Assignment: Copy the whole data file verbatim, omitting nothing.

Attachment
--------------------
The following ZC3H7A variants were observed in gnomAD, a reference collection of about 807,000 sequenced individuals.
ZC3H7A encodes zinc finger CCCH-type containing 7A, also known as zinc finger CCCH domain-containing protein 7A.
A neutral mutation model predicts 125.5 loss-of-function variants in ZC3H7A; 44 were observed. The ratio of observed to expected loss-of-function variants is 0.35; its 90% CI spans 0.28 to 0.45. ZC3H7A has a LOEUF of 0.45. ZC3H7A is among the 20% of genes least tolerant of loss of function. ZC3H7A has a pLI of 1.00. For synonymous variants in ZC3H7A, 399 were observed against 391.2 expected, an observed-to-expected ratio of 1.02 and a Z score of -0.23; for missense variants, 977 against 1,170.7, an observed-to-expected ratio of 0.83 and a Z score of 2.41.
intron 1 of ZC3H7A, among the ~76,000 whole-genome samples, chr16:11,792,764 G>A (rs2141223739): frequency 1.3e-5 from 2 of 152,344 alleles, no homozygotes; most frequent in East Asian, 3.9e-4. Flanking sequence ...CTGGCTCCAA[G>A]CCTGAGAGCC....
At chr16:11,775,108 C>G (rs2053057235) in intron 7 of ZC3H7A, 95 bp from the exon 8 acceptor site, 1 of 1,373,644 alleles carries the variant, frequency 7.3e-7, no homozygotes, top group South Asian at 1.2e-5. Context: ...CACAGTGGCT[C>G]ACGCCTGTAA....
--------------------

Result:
The following ZC3H7A variants were observed in gnomAD, a reference collection of about 807,000 sequenced individuals.
ZC3H7A encodes zinc finger CCCH-type containing 7A, also known as zinc finger CCCH domain-containing protein 7A.
A neutral mutation model predicts 125.5 loss-of-function variants in ZC3H7A; 44 were observed. The ratio of observed to expected loss-of-function variants is 0.35; its 90% CI spans 0.28 to 0.45. ZC3H7A has a LOEUF of 0.45. ZC3H7A is among the 20% of genes least tolerant of loss of function. ZC3H7A has a pLI of 1.00. For synonymous variants in ZC3H7A, 399 were observed against 391.2 expected, an observed-to-expected ratio of 1.02 and a Z score of -0.23; for missense variants, 977 against 1,170.7, an observed-to-expected ratio of 0.83 and a Z score of 2.41.
intron 1 of ZC3H7A, among the ~76,000 whole-genome samples, chr16:11,792,764 G>A (rs2141223739): frequency 1.3e-5 from 2 of 152,344 alleles, no homozygotes; most frequent in East Asian, 3.9e-4. Flanking sequence ...CTGGCTCCAA[G>A]CCTGAGAGCC....
At chr16:11,775,108 C>G (rs2053057235) in intron 7 of ZC3H7A, 95 bp from the exon 8 acceptor site, 1 of 1,373,644 alleles carries the variant, frequency 7.3e-7, no homozygotes, top group South Asian at 1.2e-5. Context: ...CACAGTGGCT[C>G]ACGCCTGTAA....